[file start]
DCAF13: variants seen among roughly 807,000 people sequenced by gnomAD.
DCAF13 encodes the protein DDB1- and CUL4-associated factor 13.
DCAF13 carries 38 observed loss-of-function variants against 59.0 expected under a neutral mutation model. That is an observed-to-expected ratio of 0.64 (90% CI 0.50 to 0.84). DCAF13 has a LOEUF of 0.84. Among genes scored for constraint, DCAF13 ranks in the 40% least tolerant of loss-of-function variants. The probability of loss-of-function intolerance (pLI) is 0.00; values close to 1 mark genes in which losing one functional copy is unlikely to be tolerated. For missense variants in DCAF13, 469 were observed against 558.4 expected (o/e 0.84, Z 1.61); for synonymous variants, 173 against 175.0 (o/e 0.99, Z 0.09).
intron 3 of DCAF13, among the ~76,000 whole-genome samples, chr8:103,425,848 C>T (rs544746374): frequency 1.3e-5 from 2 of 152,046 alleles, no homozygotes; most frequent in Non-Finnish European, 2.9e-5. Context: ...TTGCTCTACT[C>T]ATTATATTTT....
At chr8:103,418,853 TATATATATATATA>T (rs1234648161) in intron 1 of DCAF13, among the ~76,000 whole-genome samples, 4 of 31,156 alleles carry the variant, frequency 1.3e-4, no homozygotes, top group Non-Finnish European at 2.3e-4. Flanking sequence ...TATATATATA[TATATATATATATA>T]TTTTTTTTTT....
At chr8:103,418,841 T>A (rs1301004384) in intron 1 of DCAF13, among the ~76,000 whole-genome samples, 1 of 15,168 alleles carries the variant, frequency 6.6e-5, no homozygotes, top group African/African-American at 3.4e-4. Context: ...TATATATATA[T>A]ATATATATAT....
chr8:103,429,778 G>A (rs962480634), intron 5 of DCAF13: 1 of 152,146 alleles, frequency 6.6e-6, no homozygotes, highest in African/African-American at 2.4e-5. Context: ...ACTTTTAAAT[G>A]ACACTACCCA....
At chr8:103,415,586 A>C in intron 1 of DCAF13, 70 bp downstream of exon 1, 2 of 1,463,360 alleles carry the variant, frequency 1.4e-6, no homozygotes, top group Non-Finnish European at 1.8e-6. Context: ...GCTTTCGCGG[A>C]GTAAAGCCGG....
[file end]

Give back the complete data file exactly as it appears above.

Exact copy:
DCAF13: variants seen among roughly 807,000 people sequenced by gnomAD.
DCAF13 encodes the protein DDB1- and CUL4-associated factor 13.
DCAF13 carries 38 observed loss-of-function variants against 59.0 expected under a neutral mutation model. That is an observed-to-expected ratio of 0.64 (90% CI 0.50 to 0.84). DCAF13 has a LOEUF of 0.84. Among genes scored for constraint, DCAF13 ranks in the 40% least tolerant of loss-of-function variants. The probability of loss-of-function intolerance (pLI) is 0.00; values close to 1 mark genes in which losing one functional copy is unlikely to be tolerated. For missense variants in DCAF13, 469 were observed against 558.4 expected (o/e 0.84, Z 1.61); for synonymous variants, 173 against 175.0 (o/e 0.99, Z 0.09).
intron 3 of DCAF13, among the ~76,000 whole-genome samples, chr8:103,425,848 C>T (rs544746374): frequency 1.3e-5 from 2 of 152,046 alleles, no homozygotes; most frequent in Non-Finnish European, 2.9e-5. Context: ...TTGCTCTACT[C>T]ATTATATTTT....
At chr8:103,418,853 TATATATATATATA>T (rs1234648161) in intron 1 of DCAF13, among the ~76,000 whole-genome samples, 4 of 31,156 alleles carry the variant, frequency 1.3e-4, no homozygotes, top group Non-Finnish European at 2.3e-4. Flanking sequence ...TATATATATA[TATATATATATATA>T]TTTTTTTTTT....
At chr8:103,418,841 T>A (rs1301004384) in intron 1 of DCAF13, among the ~76,000 whole-genome samples, 1 of 15,168 alleles carries the variant, frequency 6.6e-5, no homozygotes, top group African/African-American at 3.4e-4. Context: ...TATATATATA[T>A]ATATATATAT....
chr8:103,429,778 G>A (rs962480634), intron 5 of DCAF13: 1 of 152,146 alleles, frequency 6.6e-6, no homozygotes, highest in African/African-American at 2.4e-5. Context: ...ACTTTTAAAT[G>A]ACACTACCCA....
At chr8:103,415,586 A>C in intron 1 of DCAF13, 70 bp downstream of exon 1, 2 of 1,463,360 alleles carry the variant, frequency 1.4e-6, no homozygotes, top group Non-Finnish European at 1.8e-6. Context: ...GCTTTCGCGG[A>C]GTAAAGCCGG....